We had brisk temps all week, but it now looks to be improving, and by Valentine’s Day on Tuesday, it could reach 50F. How heartwarming! That will trigger a massive melt off of snow here.
I’m traveling this weekend and will be having a reunion of sorts, with a couple friends in the San Francisco area, which I’m excited about. So I will leave you with a few brief reviews of what I finished last week. Oh, and many of you know my trusty book assistant and walking partner by now, Stella, pictured at left. She was almost attacked by a coyote this week while we were walking in the hills. Luckily she got away from it after a scuffle and ran back to me. It was a scary situation — and I didn’t know what would happen — but thankfully she is okay and in one piece. Gave me a slight heart attack at the time, but we have learned from this, I hope.
The Dry by Jane Harper: published by Flatiron Books, Jan. 2017, 320 pages
What it’s about: (culled from the publisher’s synopsis and me)
Federal agent Aaron Faulk returns to his small, struggling farming town in Australia for the first time in decades after the apparent murder-suicide of his best friend Luke and his family. Only things don’t add up when Faulk begins poking around, and he begins to wonder if Luke’s death is connected to something that happened twenty years ago when they were both teenagers. Set amid severe drought conditions, the novel follows Faulk and the local detective as they try to piece together what happened to Luke, his wife, and son.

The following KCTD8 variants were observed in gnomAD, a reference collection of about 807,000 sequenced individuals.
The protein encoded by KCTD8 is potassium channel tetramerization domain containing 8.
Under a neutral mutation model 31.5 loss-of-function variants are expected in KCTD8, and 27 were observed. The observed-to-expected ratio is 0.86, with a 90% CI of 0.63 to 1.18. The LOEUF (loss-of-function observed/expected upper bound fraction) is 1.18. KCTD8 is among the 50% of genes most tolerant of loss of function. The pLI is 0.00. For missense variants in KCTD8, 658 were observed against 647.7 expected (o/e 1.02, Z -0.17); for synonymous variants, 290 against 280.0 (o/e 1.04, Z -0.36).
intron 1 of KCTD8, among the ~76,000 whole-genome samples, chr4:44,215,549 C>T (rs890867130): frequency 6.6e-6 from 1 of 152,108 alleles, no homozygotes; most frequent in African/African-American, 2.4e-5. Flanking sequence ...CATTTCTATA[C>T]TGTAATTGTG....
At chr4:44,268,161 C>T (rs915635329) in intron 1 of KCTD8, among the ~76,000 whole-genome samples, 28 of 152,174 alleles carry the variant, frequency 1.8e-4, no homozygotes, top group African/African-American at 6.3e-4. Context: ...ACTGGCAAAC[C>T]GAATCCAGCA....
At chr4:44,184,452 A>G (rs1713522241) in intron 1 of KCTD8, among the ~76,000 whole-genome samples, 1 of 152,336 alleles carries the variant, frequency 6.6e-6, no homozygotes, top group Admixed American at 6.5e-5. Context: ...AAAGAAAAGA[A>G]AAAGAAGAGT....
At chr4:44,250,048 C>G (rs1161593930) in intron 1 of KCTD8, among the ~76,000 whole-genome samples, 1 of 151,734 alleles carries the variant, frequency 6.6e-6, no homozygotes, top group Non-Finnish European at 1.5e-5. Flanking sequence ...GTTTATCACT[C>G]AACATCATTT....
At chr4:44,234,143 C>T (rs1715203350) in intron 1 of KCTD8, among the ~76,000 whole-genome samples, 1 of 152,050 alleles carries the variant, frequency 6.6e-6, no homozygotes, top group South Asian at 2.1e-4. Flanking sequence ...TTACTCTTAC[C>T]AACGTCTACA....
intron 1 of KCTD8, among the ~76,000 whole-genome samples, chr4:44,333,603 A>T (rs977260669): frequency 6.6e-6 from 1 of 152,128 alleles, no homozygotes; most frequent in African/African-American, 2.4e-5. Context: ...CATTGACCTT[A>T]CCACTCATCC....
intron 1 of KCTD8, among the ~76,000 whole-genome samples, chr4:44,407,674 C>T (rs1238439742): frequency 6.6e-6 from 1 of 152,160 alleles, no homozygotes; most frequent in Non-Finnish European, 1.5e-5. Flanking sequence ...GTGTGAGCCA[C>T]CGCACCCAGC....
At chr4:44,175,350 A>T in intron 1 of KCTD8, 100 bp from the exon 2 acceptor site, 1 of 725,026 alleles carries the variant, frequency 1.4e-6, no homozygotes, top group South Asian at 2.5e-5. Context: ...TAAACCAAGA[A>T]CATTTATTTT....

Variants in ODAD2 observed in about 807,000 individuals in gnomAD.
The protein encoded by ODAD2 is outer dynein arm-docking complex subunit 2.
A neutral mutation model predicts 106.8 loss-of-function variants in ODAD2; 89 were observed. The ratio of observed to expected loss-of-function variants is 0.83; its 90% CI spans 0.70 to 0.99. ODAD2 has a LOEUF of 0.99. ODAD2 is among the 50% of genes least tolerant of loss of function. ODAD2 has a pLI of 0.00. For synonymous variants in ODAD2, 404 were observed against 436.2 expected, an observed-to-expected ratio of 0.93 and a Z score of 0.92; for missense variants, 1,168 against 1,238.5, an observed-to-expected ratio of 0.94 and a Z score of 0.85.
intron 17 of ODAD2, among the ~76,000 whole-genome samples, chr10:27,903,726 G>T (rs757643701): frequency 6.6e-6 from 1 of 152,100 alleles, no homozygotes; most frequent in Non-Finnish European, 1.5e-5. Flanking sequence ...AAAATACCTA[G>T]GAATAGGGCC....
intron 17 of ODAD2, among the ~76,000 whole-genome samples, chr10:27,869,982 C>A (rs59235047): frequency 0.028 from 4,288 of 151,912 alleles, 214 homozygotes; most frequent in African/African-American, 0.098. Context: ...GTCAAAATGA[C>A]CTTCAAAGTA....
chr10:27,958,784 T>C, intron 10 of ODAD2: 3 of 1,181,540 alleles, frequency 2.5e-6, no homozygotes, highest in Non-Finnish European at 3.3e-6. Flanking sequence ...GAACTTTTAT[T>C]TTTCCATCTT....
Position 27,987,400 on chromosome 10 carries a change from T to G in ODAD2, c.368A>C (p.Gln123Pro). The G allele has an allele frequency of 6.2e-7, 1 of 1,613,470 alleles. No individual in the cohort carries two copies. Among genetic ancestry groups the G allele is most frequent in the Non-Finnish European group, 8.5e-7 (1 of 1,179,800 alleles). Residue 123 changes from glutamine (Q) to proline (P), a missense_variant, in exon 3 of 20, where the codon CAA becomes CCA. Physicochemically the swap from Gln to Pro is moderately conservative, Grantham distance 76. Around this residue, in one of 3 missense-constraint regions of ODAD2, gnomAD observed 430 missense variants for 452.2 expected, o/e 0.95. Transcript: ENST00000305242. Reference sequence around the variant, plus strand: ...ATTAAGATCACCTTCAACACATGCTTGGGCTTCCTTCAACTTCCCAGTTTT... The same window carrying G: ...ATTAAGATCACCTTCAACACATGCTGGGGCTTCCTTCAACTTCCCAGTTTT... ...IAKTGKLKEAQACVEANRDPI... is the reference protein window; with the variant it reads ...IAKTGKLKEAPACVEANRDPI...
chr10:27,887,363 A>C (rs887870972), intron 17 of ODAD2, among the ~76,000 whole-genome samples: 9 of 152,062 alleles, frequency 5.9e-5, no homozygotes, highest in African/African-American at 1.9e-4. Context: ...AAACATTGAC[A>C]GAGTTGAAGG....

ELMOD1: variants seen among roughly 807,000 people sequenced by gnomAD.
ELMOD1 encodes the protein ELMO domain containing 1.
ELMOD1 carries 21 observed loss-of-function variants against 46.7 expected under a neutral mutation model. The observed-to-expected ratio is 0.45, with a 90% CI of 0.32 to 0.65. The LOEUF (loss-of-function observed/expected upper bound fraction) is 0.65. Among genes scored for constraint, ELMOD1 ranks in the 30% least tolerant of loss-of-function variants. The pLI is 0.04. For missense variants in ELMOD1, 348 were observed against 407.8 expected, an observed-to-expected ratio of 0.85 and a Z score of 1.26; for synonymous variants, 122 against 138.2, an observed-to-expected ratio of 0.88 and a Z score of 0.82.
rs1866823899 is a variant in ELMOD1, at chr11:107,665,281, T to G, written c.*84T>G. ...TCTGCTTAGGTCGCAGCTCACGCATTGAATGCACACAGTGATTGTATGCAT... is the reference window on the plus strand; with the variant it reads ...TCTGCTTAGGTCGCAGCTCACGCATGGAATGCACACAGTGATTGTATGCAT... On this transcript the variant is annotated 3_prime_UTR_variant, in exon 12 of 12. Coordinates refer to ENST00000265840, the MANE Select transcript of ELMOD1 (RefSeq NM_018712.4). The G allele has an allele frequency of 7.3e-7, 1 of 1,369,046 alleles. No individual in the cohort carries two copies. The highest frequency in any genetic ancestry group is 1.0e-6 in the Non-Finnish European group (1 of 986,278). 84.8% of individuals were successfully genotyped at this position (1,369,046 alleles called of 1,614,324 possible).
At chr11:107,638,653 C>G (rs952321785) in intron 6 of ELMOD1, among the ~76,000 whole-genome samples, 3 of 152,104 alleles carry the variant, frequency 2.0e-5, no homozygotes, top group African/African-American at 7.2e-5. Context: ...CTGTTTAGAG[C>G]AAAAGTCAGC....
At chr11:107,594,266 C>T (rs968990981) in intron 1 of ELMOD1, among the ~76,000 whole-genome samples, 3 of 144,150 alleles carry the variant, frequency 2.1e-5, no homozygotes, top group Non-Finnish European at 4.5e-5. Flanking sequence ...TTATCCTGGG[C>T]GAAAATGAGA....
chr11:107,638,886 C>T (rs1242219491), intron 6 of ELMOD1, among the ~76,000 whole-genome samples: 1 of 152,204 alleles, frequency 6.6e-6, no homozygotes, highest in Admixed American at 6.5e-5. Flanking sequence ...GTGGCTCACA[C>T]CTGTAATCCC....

This is a slow burn of a murder mystery that despite the time it takes developing never seems to wan. I was interested in the story and the main character Falk’s unraveling of it the whole way. It starts with the gruesome deaths of three family members at a farm house, which the police conclude was a murder-suicide, but was it? Falk begins to poke around, while his thoughts become infused with the days he spent there in his youth with his father and friends. He starts having flashbacks, which are intermingled and italicized frequently throughout the story. I know some readers didn’t care for this, but it didn’t put me off too much, as some interesting things, linked to the present case, are divulged amid the flashbacks; it’s just the italics that got a bit annoying.
But there’s not really a break in the murder case until quite late in the novel. I guess I was expecting more of a “thriller” type pace to the story, though the developments in it kept me engaged. It has a great Australian setting too. I could feel the dryness and the farming town’s struggles from drought, which are evocatively rendered in the novel. I thought I knew who the killer was long before the end, but it takes a turn and I was wrong about who it was. “The Dry” is well done by debut author Jane Harper, and it has an intriguing storyline. I gave it 4 stars on Goodreads.
Benediction by Kent Haruf — published by Knopf, Feb. 2013, 258 pages